(Phoenix, Ariz. – Jan. 23, 2007) Attorney General Terry Goddard today announced a settlement with Bayer Corporation over its marketing of Baycol, a drug used to lower cholesterol that the company withdrew from the market in August 2001.
Goddard joined 30 state Attorneys General in this settlement, which requires Bayer to pay the 30 states a total of $8 million. Arizona’s share of $200,000 will be used to pay for consumer education and investigation costs.
The investigation was initiated because of concerns that Bayer failed to adequately disclose safety risks associated with Baycol. The settlement requires Bayer to register its clinical trials on a national Web site and post the study results. Registration of clinical studies and timely posting of study results will ensure that all material information from clinical trials is made available to doctors and consumers, not just studies with positive outcomes.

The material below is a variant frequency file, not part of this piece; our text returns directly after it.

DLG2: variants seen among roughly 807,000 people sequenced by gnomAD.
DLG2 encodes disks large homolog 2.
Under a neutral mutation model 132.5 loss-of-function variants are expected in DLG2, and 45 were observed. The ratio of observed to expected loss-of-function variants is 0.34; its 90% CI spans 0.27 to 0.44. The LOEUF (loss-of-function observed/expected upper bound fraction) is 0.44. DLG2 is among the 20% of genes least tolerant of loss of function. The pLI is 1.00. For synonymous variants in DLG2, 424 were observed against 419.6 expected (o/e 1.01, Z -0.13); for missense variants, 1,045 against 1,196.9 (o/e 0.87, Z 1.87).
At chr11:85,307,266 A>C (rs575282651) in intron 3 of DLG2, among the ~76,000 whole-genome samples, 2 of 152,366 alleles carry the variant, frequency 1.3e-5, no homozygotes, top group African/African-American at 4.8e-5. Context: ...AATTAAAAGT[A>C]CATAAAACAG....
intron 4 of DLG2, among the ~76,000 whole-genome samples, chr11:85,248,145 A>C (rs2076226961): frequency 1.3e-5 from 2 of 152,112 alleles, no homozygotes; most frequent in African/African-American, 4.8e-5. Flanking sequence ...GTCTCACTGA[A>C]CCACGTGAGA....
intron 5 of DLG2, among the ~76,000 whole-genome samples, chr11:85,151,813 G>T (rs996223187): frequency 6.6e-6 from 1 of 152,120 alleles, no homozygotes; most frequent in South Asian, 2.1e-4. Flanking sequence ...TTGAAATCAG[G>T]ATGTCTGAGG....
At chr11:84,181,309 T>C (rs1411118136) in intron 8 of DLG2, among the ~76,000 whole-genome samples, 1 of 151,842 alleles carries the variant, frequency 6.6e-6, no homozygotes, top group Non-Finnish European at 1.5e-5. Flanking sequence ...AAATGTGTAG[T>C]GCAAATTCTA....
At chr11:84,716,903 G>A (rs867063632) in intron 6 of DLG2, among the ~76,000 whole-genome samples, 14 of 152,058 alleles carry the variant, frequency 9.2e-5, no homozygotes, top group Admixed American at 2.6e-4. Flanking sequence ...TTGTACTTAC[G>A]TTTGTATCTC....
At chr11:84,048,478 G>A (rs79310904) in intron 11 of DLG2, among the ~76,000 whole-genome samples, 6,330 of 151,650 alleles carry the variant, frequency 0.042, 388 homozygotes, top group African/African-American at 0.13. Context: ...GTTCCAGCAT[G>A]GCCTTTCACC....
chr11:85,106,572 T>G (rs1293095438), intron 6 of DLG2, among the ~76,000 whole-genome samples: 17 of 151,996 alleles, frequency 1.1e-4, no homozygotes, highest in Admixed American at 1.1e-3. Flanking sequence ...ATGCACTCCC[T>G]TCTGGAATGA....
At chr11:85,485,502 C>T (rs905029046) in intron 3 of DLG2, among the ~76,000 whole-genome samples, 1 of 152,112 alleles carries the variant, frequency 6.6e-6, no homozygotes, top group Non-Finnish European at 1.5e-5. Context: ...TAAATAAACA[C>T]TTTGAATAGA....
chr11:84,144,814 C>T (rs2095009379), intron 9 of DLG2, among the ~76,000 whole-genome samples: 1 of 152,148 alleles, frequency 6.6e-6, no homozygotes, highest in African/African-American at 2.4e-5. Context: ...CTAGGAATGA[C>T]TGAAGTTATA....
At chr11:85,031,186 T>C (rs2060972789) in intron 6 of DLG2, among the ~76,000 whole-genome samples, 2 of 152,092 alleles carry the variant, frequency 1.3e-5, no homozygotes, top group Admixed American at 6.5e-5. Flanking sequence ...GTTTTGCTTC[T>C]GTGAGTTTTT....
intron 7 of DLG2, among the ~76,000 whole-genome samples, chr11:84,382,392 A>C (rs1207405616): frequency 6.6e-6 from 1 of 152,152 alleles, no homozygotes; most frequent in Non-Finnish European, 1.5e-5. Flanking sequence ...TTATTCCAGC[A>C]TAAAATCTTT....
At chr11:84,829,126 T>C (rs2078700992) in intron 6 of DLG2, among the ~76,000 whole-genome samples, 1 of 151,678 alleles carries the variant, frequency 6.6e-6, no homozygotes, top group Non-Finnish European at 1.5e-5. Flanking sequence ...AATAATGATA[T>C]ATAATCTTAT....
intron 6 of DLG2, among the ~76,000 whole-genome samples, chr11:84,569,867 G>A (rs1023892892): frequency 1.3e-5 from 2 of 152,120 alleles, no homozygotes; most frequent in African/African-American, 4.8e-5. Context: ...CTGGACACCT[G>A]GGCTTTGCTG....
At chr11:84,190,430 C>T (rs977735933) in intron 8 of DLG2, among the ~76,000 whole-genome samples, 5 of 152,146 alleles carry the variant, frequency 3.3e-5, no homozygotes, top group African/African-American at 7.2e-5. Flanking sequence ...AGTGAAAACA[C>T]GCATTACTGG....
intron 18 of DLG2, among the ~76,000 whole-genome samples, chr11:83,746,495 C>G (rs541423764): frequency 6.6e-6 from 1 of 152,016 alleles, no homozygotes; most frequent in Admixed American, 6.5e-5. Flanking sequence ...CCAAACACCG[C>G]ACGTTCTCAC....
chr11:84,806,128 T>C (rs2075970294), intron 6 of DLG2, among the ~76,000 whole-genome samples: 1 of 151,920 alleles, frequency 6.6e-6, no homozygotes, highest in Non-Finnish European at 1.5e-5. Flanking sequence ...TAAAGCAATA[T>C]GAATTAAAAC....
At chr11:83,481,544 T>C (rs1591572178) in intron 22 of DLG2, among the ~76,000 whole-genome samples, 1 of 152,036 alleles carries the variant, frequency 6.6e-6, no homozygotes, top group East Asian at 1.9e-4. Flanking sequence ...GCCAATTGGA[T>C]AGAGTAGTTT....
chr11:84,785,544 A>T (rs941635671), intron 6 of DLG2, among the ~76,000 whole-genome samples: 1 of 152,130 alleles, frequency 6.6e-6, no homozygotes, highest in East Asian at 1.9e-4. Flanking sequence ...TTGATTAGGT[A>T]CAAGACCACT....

The settlement also requires Bayer's future compliance with the law in the marketing, sale and promotion of its pharmaceutical and biological products. It prohibits Bayer from making false and misleading claims relating to any such product sold in the United States.
Bayer introduced Baycol, a “statin” cholesterol-lowering drug, in May 1998. All statins carry a known risk of myopathy (a weakening of the muscles) and rhabdomyolysis (a more serious muscular disease). Through post-marketing surveillance of its product, Bayer learned that the risk for Baycol turned out to be significantly higher than other statins, particularly at higher doses and when combined with genfibrozil, another cholesterollowering drug. The Attorneys General allege that although Bayer informed the U.S. Food and Drug Administration about those adverse effects, the company failed to adequately warn doctors who prescribed the medication and consumers about the increased risks.
The settlement does not constitute an admission of wrongdoing by Bayer. The settlement will be filed in Maricopa County Superior Court and is subject to court approval.
Assistant Attorneys General Noreen R. Matts and Dena R. Epstein handled this matter.